There has been a spate of questions on the Green School listserv (GRNSCH-L@listserv.brown.edu) about offsetting greenhouse gas emissions locally and actively, as opposed to remotely by writing a check. The nutshell conclusion is that local action is always the best ("Think globally, ..."), and offsetting GHG emissions presents a clear case why.
To put things into context, remember that any offset is the least preferred option when it comes to ecological sustainability. Reducing your environmental impact by decreasing energy (or materials) use is generally the simplest, most direct (hence, most efficient) way to go. Substituting renewable resources (including energy) for what you can’t eliminate through reduction is a good second step. But what if you absolutely need to consume resources (like electricity or gasoline or paper), and you just can’t find a renewable (clean) substitute? That’s when offsets come into play.
If you offset your greenhouse gas emissions, for example, you continue to emit. But you try to make up for your sins by paying someone else to (or make it possible for them to) reduce their emissions. Net/net, worldwide emissions go down and you caused it to happen. What’s not to like?
Well, for starts, what’s not to like is that you’re still emitting. You’re still sinning. A couple of jokers (as I recall, it was in the UK — anybody remember the specifics?) established a system of marital fidelity offsets to spoof the logic of offsetting GHG emissions. As the name implies, under their system a spouse could commit infidelity, but make it all OK by paying someone else to be true to their wife or husband, so that the total level of infidelity in the world wouldn’t be affected! It was all in fun (I hope!), but there’s an element of truth to the punch line.
Two things make real-world emissions offsetting more than a bad joke, though. Most obviously, there’s no individual, enraged spouse in the picture, so you’re less likely to start finding antifreeze in your lemonade. And, on the flip side, global CO2 levels are, of course, a global problem. If there’s a way to achieve a true net global reduction, it really doesn’t matter to the climate just who’s putting out the remaining greenhouse gases.
The fly in the offsetting ointment is that bit about achieving a true net global reduction in emissions. Most offsets are purchased in arms-length transactions, so the purchaser really has no control over whether someone else’s emissions actually go down (or, equivalently, avoid going up). For offsets to be valid, the minimum conditions include:
- They have to be real. The activity generating the offset has to be in the form of a physical, tangible project with a demonstrable outcome. The infrastructure involved can be already in place or imminent, but it has to exist.
- They have to be measurable. Anybody can estimate anything, but not all estimates are equally meaningful. When an activity reduces (or avoids) greenhouse gas emissions, you can’t directly measure the CO2-equivalent that wasn’t generated — you have to estimate (calculate) it. To be taken seriously, the estimating algorithm has to be robust, transparent and readily explicable. In the best case, the algorithm will be reviewed and approved by a credible third party (think accrediting agency).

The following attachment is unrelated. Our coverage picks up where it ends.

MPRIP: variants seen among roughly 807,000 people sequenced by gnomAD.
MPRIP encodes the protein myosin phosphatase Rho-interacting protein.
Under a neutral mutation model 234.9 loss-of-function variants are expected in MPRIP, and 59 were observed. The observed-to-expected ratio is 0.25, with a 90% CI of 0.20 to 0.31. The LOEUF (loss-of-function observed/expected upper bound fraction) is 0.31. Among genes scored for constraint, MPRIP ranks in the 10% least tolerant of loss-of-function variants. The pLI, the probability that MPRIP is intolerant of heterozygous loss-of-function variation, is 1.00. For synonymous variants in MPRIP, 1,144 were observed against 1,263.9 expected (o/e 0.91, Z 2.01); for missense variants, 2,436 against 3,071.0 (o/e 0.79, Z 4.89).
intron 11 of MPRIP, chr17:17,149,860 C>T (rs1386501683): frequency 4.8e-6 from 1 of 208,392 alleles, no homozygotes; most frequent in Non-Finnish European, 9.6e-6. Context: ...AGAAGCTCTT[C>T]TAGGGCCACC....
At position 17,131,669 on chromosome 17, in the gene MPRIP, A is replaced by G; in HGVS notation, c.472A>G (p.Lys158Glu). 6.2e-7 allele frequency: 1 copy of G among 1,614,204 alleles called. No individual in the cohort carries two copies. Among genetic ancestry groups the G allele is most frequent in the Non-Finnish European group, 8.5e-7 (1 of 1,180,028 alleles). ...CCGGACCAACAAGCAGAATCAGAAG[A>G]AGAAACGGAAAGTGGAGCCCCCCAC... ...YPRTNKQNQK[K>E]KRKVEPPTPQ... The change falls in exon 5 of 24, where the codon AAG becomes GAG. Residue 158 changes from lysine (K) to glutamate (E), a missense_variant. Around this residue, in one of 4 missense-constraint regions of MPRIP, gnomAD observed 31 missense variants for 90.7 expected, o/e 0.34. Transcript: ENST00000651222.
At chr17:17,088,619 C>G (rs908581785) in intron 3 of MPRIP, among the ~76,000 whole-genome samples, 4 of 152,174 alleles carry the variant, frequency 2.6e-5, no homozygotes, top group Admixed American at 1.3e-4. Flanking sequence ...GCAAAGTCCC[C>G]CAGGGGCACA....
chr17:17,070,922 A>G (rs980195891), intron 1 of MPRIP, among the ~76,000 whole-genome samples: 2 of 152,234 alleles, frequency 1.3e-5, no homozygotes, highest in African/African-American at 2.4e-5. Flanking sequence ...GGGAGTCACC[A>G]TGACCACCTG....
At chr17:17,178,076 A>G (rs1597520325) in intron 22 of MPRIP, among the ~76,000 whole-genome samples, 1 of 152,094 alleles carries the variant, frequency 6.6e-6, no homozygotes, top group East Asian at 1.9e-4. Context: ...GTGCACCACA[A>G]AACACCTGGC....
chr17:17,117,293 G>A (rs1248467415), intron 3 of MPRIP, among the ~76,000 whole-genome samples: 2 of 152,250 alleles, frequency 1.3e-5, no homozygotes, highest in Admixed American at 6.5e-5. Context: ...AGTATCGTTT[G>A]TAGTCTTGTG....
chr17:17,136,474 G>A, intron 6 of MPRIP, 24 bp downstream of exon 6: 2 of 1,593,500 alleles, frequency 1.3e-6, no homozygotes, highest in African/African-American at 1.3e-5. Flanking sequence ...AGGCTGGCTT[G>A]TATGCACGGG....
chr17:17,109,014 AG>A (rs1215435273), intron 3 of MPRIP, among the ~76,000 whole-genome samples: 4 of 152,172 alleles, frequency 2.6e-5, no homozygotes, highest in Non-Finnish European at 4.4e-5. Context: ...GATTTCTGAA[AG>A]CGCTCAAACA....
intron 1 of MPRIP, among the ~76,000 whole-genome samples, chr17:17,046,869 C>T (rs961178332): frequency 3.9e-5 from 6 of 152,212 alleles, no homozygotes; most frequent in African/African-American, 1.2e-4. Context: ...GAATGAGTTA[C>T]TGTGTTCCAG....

- They have to be permanent. It doesn’t count if someone defers emissions which would normally occur this year, if they simply pop out in some future timeframe.
- They have to be additional. Here’s the rub. If you want to expiate your sins by paying someone else to be virtuous, the person you pay can’t already be a living saint. In this case, you can’t offset your emissions by paying to avoid emissions which really weren’t going to happen anyway, or to implement emission reduction projects which were.
If you buy your GHG offsets in arms-length transactions, the first three points are hard enough to achieve. The fourth one is almost impossible, without help. Help is available. A recently updated report from Business for Social Responsibility lists currently available standards for GHG offsets, and organizations which are set up to enforce them. It’s well worth a read.
For colleges and universities, however, there’s no place like home to do your offsetting. Don’t make your offsets at arm’s length, clutch them to your bosom. Implement efforts to reduce off-campus emissions as co-curricular activities. The University of Colorado recently switched all its offset purchases to the Colorado Carbon Fund, which will invest in local projects to reduce energy utilization by Colorado households. Oberlin College is making plans for a major CFL exchange program. Brown will make grants to student organizations to curtail carbon use in the local community. I’m sure the list goes on.
The advantages of local offsets are clear. It’s easy to see that the reduction is real and permanent, if you help make that reduction yourself. You get to do the reduction estimation, and you can make the algorithm as rigorous as you please. And you can know it’s additional reduction, especially if you target your efforts to communities which — often for financial reasons — wouldn’t be able to make reductions on their own. As gravy, a local offset program can improve town/gown relations.
GHG offsets can never be the whole solution. All of us are going to have to both reduce and substitute, or global warming will be, at most, only slowed. So the approach of the College of the Atlantic, which declared climate neutrality after offsetting 100% of its emissions, can only work in the short term. But, in the short term, offsets should be a part of every institution’s climate strategy. And, if we achieve them locally, as a part of the co-curriculum or however we think best, they can make sustainability awareness and climate action a palpable part of each student’s educational experience.
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